2014 is here. The lists have started with various resolutions with the goal of somehow making us better. Improve at this or finish that project or live up to whatever standard we failed at in 2013.
Christians will likely go further and put a spiritual dress on it to be a better Christian than they were in 2013. More bible reading, more prayer, stronger church commitment, change that habit, less sin, more love, better relationships. Be better, do more, try harder. Strive to be a good Christian. Whew!
I don’t know about you, but it sounds exhausting. One of the reasons I’ve ceased with New Year’s resolutions is because no matter how motivated or sincere I may be at the beginning of the year, inevitably I fall off the wagon. Then the cycle repeats itself at the start of each year. It can get discouraging.
Now I’m not saying we should not have goals, not improve or tend to growth areas in our lives. I’m certainly not saying that we should be negligent or slothful about our Christian walk. But what I am saying is that I think the focus is wrong when we think that the way to improve our Christianity is create a list and turn into New Year’s resolutions to be better Christians.
At the heart of creating the ‘be a better Christian’ list, lies a sentiment that our Christian worth is tied up into meeting certain benchmarks. And let’s think about why those benchmarks are created – maybe because we think we need to achieve a certain ‘good’ status to be a good enough Christian? If we were good enough, we certainly wouldn’t need to create these lists for improvement on these deficiencies.
The problem is that these benchmarks don’t make us better Christians. They just make us feel better about how we’re tending to our Christian walk. The truth is we cannot be good enough Christians because the goodness of our Christianity is not bound up in our goodness but in the goodness of Christ. We cannot work harder to be approved by God because he has already approved those who genuinely belong to him because of the work of the Son.
It is by grace you have been save through faith. And this is not your own doing; it is the gift of God, not a result of works, so that no one may boast. (Ephesians 2:8-9)
So that gets to my proposal for a radical resolution. Rest. Rest in the promises of God and his redemptive plan. Rest in the sufficiency of Christ’s work in which sin of all times is absolved and meets us at repentance. Rest in the grace through which God works in our lives and provides sufficiency for our weaknesses (2 Cor 12). Rest in the power of the Spirit who gives us the necessary strength and conviction to change our practices as we learn to apply them (Hebrews 5:14). Rest in the reality that what God started, he will complete (Philippians 1:6) even if we don’t meet our self-imposed benchmarks for that year.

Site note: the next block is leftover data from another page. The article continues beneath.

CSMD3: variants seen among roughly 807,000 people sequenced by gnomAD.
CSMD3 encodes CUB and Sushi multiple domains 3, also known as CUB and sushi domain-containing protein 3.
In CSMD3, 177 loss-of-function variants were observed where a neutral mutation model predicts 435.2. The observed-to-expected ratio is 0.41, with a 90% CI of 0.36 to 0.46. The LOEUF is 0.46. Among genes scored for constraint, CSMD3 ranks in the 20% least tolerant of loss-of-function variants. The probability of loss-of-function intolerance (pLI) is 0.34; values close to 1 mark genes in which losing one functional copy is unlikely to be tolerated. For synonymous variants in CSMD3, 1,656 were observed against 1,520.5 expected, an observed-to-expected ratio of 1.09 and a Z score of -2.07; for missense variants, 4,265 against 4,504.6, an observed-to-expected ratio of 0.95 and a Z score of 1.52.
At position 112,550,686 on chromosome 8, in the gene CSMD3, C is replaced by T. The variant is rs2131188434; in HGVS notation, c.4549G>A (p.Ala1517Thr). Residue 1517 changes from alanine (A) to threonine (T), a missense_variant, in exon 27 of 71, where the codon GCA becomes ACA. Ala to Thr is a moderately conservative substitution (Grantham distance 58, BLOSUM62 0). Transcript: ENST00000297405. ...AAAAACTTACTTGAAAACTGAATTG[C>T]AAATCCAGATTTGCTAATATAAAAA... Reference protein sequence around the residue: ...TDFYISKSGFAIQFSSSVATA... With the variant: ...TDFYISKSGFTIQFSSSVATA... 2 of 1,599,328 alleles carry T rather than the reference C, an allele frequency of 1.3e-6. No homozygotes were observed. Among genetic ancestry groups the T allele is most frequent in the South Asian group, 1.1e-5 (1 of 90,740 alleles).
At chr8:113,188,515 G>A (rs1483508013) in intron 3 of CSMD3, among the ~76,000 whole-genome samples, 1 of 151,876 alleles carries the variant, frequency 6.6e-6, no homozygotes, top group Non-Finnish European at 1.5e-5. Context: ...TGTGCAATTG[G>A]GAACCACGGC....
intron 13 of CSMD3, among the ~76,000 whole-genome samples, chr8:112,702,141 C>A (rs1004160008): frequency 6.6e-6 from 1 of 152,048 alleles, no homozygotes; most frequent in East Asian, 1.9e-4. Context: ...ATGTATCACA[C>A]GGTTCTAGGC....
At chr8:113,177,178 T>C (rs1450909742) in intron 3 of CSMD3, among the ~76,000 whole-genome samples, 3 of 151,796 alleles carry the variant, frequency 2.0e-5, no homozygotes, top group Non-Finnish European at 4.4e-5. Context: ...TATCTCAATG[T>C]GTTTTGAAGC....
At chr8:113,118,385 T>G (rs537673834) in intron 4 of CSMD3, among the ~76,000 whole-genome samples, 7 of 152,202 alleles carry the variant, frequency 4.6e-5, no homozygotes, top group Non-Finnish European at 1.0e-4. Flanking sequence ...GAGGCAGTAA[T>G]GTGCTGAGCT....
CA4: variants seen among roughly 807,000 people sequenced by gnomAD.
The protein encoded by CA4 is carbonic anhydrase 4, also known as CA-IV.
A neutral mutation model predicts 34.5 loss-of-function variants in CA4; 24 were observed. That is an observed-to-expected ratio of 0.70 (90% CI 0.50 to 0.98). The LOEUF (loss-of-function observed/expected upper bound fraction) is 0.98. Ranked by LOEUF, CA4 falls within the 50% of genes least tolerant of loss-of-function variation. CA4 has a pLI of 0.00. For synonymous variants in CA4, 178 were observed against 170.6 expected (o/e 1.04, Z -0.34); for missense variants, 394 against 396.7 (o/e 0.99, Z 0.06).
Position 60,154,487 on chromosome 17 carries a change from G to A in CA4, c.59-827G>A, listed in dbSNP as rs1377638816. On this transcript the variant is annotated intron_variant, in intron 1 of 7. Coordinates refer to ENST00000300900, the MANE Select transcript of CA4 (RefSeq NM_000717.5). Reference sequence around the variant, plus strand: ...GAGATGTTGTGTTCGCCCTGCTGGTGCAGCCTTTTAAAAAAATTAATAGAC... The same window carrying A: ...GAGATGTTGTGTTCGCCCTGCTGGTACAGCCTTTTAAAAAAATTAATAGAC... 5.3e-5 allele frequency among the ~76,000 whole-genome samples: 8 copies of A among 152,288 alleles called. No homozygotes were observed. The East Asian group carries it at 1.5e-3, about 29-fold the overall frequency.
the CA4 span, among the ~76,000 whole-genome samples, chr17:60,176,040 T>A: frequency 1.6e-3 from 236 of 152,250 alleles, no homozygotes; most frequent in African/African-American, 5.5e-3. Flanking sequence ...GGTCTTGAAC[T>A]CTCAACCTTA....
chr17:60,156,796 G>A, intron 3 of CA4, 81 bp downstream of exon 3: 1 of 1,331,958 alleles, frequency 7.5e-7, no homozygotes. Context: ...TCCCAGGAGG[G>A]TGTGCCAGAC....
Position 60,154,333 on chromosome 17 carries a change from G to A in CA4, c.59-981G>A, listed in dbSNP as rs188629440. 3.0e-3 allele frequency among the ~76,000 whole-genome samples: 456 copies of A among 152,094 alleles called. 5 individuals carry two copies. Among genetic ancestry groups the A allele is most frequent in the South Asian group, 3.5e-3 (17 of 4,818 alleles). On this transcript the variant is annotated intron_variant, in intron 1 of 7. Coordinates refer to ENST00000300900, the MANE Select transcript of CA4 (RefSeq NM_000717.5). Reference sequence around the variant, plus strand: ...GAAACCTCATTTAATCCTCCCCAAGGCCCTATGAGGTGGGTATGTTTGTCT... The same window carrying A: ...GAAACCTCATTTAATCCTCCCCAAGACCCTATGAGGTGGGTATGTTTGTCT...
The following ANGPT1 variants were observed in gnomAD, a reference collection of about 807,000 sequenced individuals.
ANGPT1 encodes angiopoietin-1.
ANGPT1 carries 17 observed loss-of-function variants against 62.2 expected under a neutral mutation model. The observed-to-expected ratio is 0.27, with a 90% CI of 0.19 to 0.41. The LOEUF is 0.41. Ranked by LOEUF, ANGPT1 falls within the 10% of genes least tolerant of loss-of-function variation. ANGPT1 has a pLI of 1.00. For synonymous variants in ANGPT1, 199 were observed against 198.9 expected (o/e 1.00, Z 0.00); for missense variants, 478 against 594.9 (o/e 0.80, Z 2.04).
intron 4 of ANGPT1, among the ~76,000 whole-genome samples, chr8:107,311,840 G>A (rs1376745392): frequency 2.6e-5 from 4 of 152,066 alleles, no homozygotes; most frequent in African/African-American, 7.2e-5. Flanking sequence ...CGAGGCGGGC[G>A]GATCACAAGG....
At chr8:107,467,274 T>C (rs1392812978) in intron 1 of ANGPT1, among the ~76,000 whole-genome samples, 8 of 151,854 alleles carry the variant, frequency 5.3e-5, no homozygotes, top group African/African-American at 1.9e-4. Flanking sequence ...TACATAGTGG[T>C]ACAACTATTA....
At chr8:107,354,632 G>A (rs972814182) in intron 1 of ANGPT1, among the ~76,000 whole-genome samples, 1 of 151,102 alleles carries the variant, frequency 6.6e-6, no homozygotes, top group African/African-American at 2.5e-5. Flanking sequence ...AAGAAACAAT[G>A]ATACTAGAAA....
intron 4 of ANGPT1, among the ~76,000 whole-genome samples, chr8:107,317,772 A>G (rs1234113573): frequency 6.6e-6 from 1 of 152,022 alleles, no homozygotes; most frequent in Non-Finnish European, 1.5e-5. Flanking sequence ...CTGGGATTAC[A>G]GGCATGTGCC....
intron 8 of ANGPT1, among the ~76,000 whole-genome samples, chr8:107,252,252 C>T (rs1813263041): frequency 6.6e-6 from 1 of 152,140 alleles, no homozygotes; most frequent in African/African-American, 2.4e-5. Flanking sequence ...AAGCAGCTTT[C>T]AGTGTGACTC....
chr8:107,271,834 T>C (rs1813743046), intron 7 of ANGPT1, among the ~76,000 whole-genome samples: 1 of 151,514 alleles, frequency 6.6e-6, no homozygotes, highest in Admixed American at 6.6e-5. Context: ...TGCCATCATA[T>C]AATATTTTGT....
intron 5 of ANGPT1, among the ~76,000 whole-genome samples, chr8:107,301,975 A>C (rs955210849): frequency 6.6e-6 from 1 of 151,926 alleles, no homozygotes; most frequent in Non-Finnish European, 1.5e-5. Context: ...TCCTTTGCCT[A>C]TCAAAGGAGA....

Because the reality is when our ‘do better’ fails, without this rest we will strive in our own merit and strength and encounter the tidal wave of self-congratulation and condemnation. We’ll pat ourselves on the back when we succeed and kick ourselves in the butt when we fail. Neither satisfies the heart of true Christianity because we haven’t placed trust and hope in the right place.
But that’s what makes this resolution so radical because it means we don’t rely on us and our sufficiency to be better. It’s radical because it says there’s nothing I can do better to gain God’s approval but receive what has been given. It is in the receiving and the being, that our doing flows as the Spirit works in our lives, growing and shaping us. We don’t grow because we have created a New Year’s list, we grow when our faith is fueled by God’s word and Spirit and genuine fellowship with his people. Our change happens in the 10,000 little mundane moments as we rely on grace and confront our affections as Paul Tripp indicates here in Ringing in the New Year.
See we have this problem inbred in our humanity that says to be better, we have to do better. It’s why the idea of rest is unsettling because it can’t rely on our doing better. This is why I think New Year’s resolutions to be better hold such appeal. It’s why we get intolerant of perceived slothful Christians because we think the way to better is to do more. God forbid if don’t look like we’re doing enough.
The beauty of Christianity is that our better has been done by someone else who perfectly satisfied the demands of perfect righteousness (Romans 8:2-4; Colossians 2:14). We walk according to that calling (Eph 4:1), working out our salvation, yes! But it because it is God at work in our lives (Philippians 2:12-13). He is the one who ultimately causes growth.
What that means is that instead of inward focus measuring up and striving to do better, our focus is on Christ. Again, that doesn’t mean we don’t have goals, but it means when we’ve failed to do the right thing, we turn to the One who is right and ask for help because he sits at the right hand of the Father, knowing our weakness and ever making intercession for us (Hebrews 4:15). It means that when we fall into the sin or self-sufficiency pit, we run to the sufficiency of the completed work of the cross, life in the resurrection and hope of final redemption. When apathy or inconsistencies or just not seeming to get it together sets in, we run and we rest. When we fail to meet the criteria on the list, we look up and cry out, Lord I need you.
So I challenge you with this radical resolution for 2014. Rest! And see what happens.